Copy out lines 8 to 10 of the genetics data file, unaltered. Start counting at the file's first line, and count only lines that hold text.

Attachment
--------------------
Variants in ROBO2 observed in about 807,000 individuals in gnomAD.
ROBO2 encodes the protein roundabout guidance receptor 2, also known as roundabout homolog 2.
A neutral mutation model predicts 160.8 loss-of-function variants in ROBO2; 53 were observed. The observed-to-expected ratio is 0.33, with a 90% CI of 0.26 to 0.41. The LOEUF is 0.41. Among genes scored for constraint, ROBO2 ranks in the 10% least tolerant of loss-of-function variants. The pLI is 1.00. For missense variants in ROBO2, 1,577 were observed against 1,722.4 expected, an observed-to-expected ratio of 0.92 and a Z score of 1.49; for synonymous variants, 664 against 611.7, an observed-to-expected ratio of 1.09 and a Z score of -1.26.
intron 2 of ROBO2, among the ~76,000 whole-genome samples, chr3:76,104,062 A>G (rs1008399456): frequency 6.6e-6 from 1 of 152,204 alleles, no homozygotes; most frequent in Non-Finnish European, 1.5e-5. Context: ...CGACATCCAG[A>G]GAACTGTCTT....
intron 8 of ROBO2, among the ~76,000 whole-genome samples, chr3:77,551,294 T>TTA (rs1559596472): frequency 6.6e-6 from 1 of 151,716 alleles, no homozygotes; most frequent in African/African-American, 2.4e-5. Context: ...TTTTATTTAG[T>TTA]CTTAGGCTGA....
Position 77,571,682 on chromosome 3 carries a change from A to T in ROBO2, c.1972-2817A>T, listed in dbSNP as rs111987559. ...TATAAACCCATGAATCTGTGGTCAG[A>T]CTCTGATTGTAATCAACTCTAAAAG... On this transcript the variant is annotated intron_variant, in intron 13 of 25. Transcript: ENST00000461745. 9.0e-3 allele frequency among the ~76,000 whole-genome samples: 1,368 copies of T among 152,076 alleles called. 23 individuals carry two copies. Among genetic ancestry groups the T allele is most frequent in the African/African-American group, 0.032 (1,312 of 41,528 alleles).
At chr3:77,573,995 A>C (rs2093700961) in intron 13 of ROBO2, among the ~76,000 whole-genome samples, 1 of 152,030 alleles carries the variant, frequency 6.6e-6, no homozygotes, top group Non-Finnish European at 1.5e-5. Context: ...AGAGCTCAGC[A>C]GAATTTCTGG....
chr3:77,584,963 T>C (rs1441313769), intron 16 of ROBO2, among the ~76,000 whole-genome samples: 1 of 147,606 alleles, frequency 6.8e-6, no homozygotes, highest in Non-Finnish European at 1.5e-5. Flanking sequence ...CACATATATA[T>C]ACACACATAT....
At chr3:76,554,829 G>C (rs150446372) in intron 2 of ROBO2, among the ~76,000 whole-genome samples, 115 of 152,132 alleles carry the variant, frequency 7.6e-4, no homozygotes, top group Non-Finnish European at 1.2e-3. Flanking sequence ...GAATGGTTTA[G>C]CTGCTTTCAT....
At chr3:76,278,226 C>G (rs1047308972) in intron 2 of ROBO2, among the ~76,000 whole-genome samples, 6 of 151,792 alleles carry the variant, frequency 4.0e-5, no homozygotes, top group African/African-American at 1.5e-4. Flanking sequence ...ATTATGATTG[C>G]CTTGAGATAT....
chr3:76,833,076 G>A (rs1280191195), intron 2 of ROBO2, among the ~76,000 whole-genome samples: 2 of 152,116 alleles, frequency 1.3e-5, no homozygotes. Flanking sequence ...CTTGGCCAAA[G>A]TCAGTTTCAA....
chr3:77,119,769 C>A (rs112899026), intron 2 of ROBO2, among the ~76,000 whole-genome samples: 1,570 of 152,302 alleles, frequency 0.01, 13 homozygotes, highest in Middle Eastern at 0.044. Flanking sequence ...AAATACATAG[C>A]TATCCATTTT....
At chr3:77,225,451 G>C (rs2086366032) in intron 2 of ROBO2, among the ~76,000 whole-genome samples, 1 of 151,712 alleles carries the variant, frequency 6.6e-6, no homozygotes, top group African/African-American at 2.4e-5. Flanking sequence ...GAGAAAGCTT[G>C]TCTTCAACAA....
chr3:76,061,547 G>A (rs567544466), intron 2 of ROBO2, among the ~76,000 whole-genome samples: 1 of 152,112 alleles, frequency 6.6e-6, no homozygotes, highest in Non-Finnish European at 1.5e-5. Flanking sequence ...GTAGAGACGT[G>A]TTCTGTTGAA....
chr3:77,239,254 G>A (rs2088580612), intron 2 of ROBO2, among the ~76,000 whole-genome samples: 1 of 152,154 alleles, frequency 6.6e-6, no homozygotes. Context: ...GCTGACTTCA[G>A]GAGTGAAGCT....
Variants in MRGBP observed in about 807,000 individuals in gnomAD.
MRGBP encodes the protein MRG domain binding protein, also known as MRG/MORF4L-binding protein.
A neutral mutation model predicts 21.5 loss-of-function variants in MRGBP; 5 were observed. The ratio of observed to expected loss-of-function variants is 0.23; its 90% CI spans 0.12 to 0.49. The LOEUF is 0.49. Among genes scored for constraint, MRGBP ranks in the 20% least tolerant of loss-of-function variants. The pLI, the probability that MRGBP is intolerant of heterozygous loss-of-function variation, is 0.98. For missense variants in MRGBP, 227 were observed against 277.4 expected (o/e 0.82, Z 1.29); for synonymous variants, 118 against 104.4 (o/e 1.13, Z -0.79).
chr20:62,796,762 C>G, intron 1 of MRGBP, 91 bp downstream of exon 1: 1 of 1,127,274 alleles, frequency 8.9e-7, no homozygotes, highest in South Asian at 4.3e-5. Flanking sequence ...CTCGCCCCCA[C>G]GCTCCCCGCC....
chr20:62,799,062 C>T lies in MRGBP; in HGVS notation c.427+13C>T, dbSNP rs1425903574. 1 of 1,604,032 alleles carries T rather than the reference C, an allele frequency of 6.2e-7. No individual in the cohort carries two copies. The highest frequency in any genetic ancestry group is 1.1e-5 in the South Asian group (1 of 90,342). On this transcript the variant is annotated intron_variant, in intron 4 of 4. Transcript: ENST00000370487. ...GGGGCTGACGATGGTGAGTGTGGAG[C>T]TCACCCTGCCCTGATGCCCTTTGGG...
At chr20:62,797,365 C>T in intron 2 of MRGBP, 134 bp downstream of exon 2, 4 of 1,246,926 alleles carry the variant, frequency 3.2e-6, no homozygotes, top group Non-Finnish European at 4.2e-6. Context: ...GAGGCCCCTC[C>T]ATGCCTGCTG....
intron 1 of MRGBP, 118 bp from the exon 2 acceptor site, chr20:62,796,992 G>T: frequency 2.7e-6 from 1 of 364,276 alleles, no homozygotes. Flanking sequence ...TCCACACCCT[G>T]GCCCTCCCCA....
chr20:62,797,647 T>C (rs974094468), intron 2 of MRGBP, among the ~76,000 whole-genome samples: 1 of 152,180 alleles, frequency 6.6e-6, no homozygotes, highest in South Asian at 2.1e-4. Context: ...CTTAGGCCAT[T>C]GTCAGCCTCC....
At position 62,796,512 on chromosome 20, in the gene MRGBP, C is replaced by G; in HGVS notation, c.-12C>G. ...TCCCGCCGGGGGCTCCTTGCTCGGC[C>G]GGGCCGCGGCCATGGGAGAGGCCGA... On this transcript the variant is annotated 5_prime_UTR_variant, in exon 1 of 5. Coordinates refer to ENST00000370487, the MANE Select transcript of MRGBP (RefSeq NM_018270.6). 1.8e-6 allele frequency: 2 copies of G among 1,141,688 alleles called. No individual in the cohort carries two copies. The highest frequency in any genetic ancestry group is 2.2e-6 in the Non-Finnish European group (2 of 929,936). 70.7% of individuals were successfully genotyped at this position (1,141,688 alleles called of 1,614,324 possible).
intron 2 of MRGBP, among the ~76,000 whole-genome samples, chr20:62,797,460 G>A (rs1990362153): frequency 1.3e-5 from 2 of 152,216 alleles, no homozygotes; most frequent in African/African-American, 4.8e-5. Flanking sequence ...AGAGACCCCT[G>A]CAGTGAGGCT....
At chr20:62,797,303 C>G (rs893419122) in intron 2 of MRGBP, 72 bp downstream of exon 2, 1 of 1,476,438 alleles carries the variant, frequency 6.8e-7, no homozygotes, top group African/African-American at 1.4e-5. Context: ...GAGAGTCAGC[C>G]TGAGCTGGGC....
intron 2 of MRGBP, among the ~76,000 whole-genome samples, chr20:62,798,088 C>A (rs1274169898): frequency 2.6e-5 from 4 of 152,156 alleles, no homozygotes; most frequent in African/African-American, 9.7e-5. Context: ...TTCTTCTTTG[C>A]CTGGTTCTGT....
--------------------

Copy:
chr3:77,584,963 T>C (rs1441313769), intron 16 of ROBO2, among the ~76,000 whole-genome samples: 1 of 147,606 alleles, frequency 6.8e-6, no homozygotes, highest in Non-Finnish European at 1.5e-5. Flanking sequence ...CACATATATA[T>C]ACACACATAT....
At chr3:76,554,829 G>C (rs150446372) in intron 2 of ROBO2, among the ~76,000 whole-genome samples, 115 of 152,132 alleles carry the variant, frequency 7.6e-4, no homozygotes, top group Non-Finnish European at 1.2e-3. Flanking sequence ...GAATGGTTTA[G>C]CTGCTTTCAT....
At chr3:76,278,226 C>G (rs1047308972) in intron 2 of ROBO2, among the ~76,000 whole-genome samples, 6 of 151,792 alleles carry the variant, frequency 4.0e-5, no homozygotes, top group African/African-American at 1.5e-4. Flanking sequence ...ATTATGATTG[C>G]CTTGAGATAT....